"How can I import the projects associated with the various JBoss BPM Suite demo projects into my own existing installation?"

What this means is that users want to have an example project in their personal installation of the product without using the projects installation process. This is certainly possible but not totally obvious to everyone.

Below I will walk you through how the various example projects for JBoss BPM Suite are setup, how the actual BPM projects are loaded into JBoss BPM Suite when you set them up and why. After this I will show you how to extract any of the available BPM projects for importing in to any previously installed JBoss BPM Suite server.

Figure 1: In JBoss BPM Suite open the Administration
perspective with menu options, Authoring -> Administration.

Background on how it works

The normal installation of a JBoss BPM Suite demo project that I have provided uses a template. This template ensures that the process is always the same; download, unzip, add products and run the installation script. After doing this, you are done, just fire up the JBoss BPM Suite for the adjusted experience where you open up the Authoring perspective to a pretty process designer with the demo project displayed for you to kick off a demo run.

These projects have a demo template that provides some consistency and you can read about how it works in a previous article.  For the initial installation run of any of these demo projects, a folder is copied from support/bpm-suite-demo-niogit to the installation at the location target/jboss-eap-{version}/bin/.niogit.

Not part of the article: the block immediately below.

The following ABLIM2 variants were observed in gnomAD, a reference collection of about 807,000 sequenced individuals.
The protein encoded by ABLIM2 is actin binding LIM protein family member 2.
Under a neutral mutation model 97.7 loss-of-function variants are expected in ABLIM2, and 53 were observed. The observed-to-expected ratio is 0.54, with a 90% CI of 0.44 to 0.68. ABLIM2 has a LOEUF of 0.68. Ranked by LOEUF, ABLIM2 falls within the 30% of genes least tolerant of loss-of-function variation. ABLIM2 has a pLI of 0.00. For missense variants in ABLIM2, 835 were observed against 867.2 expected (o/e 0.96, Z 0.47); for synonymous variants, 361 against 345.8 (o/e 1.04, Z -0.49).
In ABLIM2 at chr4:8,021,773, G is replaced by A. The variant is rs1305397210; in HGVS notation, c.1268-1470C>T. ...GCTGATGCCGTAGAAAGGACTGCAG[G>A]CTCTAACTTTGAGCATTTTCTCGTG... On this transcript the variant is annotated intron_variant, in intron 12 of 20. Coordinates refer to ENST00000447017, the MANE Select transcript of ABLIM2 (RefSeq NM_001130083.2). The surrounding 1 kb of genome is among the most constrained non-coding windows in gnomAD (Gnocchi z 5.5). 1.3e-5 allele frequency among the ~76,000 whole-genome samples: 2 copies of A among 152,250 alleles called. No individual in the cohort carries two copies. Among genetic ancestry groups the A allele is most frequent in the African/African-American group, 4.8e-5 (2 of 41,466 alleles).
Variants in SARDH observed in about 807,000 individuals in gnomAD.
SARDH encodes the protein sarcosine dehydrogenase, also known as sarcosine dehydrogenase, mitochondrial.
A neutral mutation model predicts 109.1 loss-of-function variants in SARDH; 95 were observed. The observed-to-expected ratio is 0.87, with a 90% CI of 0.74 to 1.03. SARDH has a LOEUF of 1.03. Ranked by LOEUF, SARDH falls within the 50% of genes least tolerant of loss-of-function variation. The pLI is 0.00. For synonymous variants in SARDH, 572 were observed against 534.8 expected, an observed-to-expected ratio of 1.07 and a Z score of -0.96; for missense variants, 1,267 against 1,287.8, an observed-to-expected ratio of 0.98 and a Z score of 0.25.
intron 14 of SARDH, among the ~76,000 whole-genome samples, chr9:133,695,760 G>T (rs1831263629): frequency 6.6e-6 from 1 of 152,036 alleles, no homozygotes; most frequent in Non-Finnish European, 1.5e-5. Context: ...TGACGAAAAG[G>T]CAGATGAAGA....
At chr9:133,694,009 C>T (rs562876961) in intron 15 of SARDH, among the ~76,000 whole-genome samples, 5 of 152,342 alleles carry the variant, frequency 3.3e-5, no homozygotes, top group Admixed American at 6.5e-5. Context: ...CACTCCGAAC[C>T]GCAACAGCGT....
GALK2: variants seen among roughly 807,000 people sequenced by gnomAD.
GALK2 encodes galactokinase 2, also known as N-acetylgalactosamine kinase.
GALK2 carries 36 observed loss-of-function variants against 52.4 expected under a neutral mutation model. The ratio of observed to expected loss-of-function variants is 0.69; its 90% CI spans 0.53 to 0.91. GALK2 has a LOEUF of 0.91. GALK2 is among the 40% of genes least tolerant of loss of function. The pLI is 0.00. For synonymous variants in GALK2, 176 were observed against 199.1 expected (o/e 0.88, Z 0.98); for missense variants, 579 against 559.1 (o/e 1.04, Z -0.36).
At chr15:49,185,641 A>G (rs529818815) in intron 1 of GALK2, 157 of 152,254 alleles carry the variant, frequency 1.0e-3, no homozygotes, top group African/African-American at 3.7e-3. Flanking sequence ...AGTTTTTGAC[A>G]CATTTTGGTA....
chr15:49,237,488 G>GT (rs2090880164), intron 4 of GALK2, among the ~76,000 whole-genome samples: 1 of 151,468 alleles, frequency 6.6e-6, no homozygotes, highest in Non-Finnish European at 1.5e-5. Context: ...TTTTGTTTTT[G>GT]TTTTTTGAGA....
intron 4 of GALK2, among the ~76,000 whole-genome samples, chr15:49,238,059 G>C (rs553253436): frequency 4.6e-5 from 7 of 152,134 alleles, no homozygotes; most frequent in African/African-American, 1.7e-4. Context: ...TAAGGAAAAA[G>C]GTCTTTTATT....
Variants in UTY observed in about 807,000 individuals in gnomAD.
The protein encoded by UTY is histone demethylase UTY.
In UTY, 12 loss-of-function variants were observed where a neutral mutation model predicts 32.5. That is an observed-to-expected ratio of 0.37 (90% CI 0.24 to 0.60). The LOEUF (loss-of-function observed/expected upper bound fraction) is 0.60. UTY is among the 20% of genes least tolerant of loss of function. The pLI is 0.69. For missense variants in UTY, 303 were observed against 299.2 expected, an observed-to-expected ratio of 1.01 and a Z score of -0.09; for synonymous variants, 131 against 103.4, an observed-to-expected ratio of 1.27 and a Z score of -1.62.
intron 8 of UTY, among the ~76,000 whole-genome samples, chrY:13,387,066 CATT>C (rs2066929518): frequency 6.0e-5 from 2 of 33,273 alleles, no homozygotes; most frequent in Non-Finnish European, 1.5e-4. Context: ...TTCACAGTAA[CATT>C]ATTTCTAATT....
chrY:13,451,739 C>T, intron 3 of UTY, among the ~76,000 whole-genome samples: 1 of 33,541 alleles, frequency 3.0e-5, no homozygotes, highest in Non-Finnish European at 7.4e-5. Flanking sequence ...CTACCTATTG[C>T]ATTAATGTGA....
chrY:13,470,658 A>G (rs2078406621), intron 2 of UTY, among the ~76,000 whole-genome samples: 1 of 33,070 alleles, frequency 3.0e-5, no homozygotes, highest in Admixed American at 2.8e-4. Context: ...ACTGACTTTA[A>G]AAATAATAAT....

Figure 2: To import a new project, open the Clone repository
from the menu Repositories. This will allow you to bring
in any BPM project to your JBoss BPM Suite.
This folder contains all of the project and system Git repositories that are formatted for the version of the project you have downloaded. By installing this directory or complete repository, when JBoss BPM Suite starts up the first time, it will pick up the state I left it in when designing the experience around you using this demo project.

Get your hands on a specific BPM project

The problem I want to help you with in this article is to show you how to extract only the BPM project from one of these examples and import this into your own installation of JBoss BPM Suite.

The following list is the order you do the tasks, after which I will explain each one:

  1. Download any JBoss BPM Suite demo project and unzip (or clone it if you like).
  2. Log in to your own JBoss BPM Suite and open Administration perspective via menu: Authoring -> Administration.
  3. Setup the new BPM project you want to import: Repositories -> Clone repository -> fill in details including import project URL
  4. Explore the new project in the Authoring perspective: Authoring -> Project Authoring
Figure 3: Cloning a repository is how you import an existing
project, which requires the information shown.
I am going to assume you can find a JBoss BPM Suite demo project of your liking from the link provided in step 1 and download or clone to your local machine. I will be using the JBoss BPM Suite Customer Evaluation Demo as the example project you want to import into your current JBoss BPM Suite installation instead of leveraging the standalone demo project.